Who were the DJs who transported this sound most perfectly? Were they also from both Chicago and London, or did that not matter?
I don’t think it mattered. The person who hammered this track was Garnier, and he was one of the masters of that club. He had his sets down to an absolute point. They covered an awful lot of ground and followed a certain kind of formula which he could rearrange depending on every factor. It was never really about a particular sound for me.
These days, bouncing techno/house hybrid tracks are a bit frowned upon. Is this the usual longevity of club sounds, or did it decrease in reputation otherwise, however justified?
If you’re frowning on this kind of stuff, then to me, you’re doing something wrong. The fact that the rhythms bounce in a particular way misses the point. It’s just a great track. I’m not interested in music that exists solely as a reaction against other music. I want to always be able to fold anything I like into what I do, and I like things that recognize that as a positive attribute. Narrow fashions are to do with a level of self-consciousness that I don’t recall being such an issue then, unless you were into something like rock or whatever. It’s a quality that arises when defining oneself against something and, like I said, that has never interested me. I like fashion, which is totally expansive.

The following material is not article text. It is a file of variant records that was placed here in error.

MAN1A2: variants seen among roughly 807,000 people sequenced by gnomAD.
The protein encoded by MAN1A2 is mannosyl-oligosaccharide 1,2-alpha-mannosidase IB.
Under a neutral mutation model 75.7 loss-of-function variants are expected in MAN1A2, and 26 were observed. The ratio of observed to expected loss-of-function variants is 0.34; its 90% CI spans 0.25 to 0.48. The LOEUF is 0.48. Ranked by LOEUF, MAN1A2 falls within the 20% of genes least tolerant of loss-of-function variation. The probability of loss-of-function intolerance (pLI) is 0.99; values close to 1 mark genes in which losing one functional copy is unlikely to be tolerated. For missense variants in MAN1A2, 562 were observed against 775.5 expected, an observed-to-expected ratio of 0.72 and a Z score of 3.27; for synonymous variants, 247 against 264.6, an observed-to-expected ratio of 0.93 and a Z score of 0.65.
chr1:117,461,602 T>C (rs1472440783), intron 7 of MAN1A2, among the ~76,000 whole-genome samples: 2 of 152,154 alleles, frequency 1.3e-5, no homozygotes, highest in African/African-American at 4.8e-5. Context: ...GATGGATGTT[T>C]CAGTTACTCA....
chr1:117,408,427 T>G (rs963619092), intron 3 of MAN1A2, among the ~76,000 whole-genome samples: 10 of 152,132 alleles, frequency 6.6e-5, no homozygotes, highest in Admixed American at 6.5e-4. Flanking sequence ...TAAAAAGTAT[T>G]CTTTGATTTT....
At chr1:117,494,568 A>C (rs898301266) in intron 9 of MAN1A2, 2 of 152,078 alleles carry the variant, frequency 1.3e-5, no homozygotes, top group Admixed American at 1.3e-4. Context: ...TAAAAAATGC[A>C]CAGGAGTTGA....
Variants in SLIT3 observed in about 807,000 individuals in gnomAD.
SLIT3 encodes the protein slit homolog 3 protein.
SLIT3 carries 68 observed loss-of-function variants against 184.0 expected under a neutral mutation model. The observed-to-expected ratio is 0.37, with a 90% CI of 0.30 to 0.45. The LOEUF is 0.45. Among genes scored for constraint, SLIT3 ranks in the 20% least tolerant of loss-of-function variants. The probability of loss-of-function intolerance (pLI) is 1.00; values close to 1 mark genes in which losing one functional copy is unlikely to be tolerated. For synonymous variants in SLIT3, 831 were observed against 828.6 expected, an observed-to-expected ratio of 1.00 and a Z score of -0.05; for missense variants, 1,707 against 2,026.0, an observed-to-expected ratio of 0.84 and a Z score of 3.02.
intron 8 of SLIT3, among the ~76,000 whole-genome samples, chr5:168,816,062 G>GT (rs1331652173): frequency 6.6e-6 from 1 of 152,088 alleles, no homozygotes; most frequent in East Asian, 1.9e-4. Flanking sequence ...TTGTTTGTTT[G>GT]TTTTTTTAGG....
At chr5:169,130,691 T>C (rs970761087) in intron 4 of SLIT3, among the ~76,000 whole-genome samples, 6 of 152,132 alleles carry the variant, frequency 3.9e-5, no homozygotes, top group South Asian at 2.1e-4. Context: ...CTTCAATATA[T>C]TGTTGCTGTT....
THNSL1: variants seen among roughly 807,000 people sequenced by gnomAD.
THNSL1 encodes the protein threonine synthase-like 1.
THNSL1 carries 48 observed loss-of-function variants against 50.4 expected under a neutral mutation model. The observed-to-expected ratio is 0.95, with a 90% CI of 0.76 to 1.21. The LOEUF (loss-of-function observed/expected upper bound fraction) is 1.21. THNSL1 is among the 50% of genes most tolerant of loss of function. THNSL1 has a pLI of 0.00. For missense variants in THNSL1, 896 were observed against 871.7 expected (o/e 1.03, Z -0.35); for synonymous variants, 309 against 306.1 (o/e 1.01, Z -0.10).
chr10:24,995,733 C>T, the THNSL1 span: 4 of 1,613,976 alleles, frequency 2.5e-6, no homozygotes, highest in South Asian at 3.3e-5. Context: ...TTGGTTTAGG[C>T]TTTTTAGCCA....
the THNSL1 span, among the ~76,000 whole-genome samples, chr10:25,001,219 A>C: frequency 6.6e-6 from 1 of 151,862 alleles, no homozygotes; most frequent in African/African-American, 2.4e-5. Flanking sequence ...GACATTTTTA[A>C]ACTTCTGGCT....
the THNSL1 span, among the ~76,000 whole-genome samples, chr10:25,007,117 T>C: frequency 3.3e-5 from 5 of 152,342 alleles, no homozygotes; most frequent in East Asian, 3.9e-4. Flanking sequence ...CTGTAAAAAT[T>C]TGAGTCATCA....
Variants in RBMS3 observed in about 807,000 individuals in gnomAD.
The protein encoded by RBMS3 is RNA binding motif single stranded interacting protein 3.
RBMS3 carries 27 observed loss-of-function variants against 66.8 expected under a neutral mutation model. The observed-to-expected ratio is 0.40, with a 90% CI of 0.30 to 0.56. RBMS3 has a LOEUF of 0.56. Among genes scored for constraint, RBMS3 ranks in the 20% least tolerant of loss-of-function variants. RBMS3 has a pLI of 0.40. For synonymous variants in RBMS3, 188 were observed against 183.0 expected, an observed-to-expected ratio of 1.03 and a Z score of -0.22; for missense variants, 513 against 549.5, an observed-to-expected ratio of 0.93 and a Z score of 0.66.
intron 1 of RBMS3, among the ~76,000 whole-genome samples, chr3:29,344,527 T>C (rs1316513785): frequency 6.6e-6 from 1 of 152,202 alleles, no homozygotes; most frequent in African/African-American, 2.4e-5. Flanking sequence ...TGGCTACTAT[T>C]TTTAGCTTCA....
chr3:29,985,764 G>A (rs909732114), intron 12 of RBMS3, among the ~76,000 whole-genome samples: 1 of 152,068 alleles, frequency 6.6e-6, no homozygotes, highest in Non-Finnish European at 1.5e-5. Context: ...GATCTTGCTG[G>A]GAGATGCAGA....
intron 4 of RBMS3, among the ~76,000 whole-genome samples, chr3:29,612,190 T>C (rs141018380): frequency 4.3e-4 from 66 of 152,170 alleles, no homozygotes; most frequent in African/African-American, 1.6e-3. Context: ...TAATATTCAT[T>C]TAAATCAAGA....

In the electronic scene, the people I was friends with just wanted really good tracks in whatever style. I first became aware of a self-conscious thing in dance music with minimal and certain elements of the dubstep scene, and then increasingly in recent years within the factions of techno and house that have become hung up on striving for authenticity and/or slaves to very particular aesthetics.
Are there current producers who manage to carry on with the qualities of My Answer, or is this more set in a certain period of time?
For me, the qualities of the track come from the people who made it just doing their own thing within a framework. There are lots of fantastic producers doing that now.
Maybe some people find your choice of Charley’s Vault surprising in comparison to your own productions. But are there traces of what you like about it in your music?
If you listen to some of my incidentals, certainly on something like Coup d’Etat, you may or may not discern a certain influence. I’m not sure but I certainly hope so!